Day 65 & 66 The Gulf Crossing

The Nautoncall was shoe horned into a slip at The Moorings of Carrabelle staged to get ready for Crossing the Gulf.

The Gulf Crossing is one of the sections of the Loop that scares the most people off. The majority of the Great Loop can be traveled in protected waters. The Great Lakes requires navigating in open waters as well but there are more safe harbours to duck into if things get rough. The problem with the Gulf crossing is that much of the Florida coast, between Carrabelle where the Intracoastal ends and Tarpon Springs where it begins again, is that it is shallow and has few harbours of refuge.

So basically it boils down to two options for Loopers. Firstly they call it the Rim Route where you leave Carrabelle and travel in daylight to Steinhatchee on day one, then to Cedar Key on the second travel day and finally to Tarpon Springs on the third. The second option is to go straight across from Carrabelle to Tarpon Springs in one straight line.

The Rim route is generally considered safer because you are not as offshore and if it does get messy you have a shorter distances to endure the waves. The straight line route takes you well off shore where you are without cell service and possibly too far to reach the Coast Guard by VHF radios. For safety reasons generally Loopers go in groups because there IS safety in numbers.

Both routes require a favourable weather window where the winds and seas are calm. The Gulf is a big body of water and swells can come from a long distance. Also local weather systems can affect the seas. Predicting these weather windows is an art and like everything else, everyone has their own opinions and they don’t always agree. There are several sources and paid for services that can be used to pick a favourable weather window. Also the Marina has a local boater with experience that holds daily briefing on weather for the crossing. All the sources agreed that Sunday the 17th and Monday the 18th would be favourable conditions to make the crossing.

For us the decision was fairly easy. I have always wanted to do an overnight crossing, we would be travelling with Knot Diggin so we had each other to rely on if something went wrong, and there were about 10 other boats ready to go so there would be a big group for safety. We would take the straight route across.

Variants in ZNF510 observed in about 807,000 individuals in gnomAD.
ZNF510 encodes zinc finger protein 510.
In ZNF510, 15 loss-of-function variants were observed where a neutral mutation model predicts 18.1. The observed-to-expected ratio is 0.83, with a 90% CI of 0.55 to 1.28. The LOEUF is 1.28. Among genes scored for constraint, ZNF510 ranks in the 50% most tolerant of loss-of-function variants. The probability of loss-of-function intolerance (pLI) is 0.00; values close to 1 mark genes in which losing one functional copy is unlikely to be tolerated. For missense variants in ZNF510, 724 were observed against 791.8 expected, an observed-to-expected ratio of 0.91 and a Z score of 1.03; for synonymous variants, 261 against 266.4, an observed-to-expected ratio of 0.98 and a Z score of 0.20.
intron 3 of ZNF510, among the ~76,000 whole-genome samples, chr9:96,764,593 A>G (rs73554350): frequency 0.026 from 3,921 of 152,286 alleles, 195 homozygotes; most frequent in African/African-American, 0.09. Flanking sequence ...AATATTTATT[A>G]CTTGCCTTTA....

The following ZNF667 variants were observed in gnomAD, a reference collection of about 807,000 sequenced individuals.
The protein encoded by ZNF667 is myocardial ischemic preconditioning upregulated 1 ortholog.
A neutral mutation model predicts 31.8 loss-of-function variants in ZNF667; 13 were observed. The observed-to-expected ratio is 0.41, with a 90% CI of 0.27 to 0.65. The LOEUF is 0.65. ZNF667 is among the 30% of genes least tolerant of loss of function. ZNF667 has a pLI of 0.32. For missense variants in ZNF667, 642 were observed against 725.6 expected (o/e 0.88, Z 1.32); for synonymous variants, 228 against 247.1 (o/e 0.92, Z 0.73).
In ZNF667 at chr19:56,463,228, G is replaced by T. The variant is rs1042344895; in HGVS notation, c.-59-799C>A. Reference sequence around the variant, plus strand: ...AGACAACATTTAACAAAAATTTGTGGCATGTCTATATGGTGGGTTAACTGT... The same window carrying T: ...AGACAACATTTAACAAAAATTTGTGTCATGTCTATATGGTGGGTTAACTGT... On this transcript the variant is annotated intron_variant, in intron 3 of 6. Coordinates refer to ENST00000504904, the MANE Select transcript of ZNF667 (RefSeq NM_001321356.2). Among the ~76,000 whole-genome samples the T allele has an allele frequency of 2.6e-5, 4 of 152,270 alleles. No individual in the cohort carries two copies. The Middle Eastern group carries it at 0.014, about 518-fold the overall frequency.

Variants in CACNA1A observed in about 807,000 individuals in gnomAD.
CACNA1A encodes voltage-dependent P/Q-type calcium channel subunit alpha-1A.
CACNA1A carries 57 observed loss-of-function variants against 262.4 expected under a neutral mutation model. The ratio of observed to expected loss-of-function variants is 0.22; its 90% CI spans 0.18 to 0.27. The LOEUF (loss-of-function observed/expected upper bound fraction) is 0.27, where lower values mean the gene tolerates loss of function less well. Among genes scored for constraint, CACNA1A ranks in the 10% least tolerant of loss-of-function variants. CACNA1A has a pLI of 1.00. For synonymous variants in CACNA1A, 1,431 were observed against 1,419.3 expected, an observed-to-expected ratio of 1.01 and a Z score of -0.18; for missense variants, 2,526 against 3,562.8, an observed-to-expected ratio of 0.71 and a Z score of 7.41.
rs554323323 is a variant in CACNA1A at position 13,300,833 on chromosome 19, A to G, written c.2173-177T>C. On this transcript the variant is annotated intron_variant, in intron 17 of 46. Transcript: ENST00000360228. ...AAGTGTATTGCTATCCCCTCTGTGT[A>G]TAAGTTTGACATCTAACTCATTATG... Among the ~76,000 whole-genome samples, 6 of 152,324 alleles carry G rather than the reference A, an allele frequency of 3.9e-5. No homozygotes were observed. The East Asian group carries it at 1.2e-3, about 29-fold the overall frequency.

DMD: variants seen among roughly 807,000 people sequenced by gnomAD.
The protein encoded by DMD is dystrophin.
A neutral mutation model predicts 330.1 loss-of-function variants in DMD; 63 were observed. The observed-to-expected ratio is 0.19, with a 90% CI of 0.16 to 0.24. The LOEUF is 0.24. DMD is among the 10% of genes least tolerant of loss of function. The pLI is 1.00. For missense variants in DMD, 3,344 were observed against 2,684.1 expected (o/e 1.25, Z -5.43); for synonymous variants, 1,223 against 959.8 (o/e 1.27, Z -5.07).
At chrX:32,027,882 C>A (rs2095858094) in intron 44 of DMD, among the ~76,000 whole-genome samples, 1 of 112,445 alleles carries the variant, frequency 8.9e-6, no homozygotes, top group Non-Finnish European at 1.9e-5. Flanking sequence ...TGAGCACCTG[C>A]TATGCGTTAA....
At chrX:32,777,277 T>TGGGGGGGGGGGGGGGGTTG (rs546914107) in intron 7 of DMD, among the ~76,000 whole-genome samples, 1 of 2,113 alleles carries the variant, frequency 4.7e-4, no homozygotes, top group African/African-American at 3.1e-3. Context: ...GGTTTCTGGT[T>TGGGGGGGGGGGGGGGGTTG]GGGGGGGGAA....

The plan was to leave in the afternoon and get far enough offshore before dark so that you could still see the crab pots, then we would be in open water during the dark hours and arrive on the other side after the sun came up so you could see the crab pots and other hazards when getting closer to shore again.

So we had a little time in the morning to tour the little town of Carrabelle. Since it was Sunday, we stopped and said a few words at the Jesus trees.

We found the “Worlds Smallest Police Station”

The story goes that the original Police Station was destroyed in a hurricane so the Sherriff would just park beside the phone booth and wait for calls.

Then it was time to attend the daily weather meeting with Buddy, the local crossing prognosticator, who would not actually commit to saying you should go today, “because I can’t make up your mind for you”

About 12 boats were planning on leaving, 4 were going the Rim route and the rest would do the night crossing with us.

We left the dock at 2PM and made our way out into the Gulf.

This was our last view of shore as we were leaving.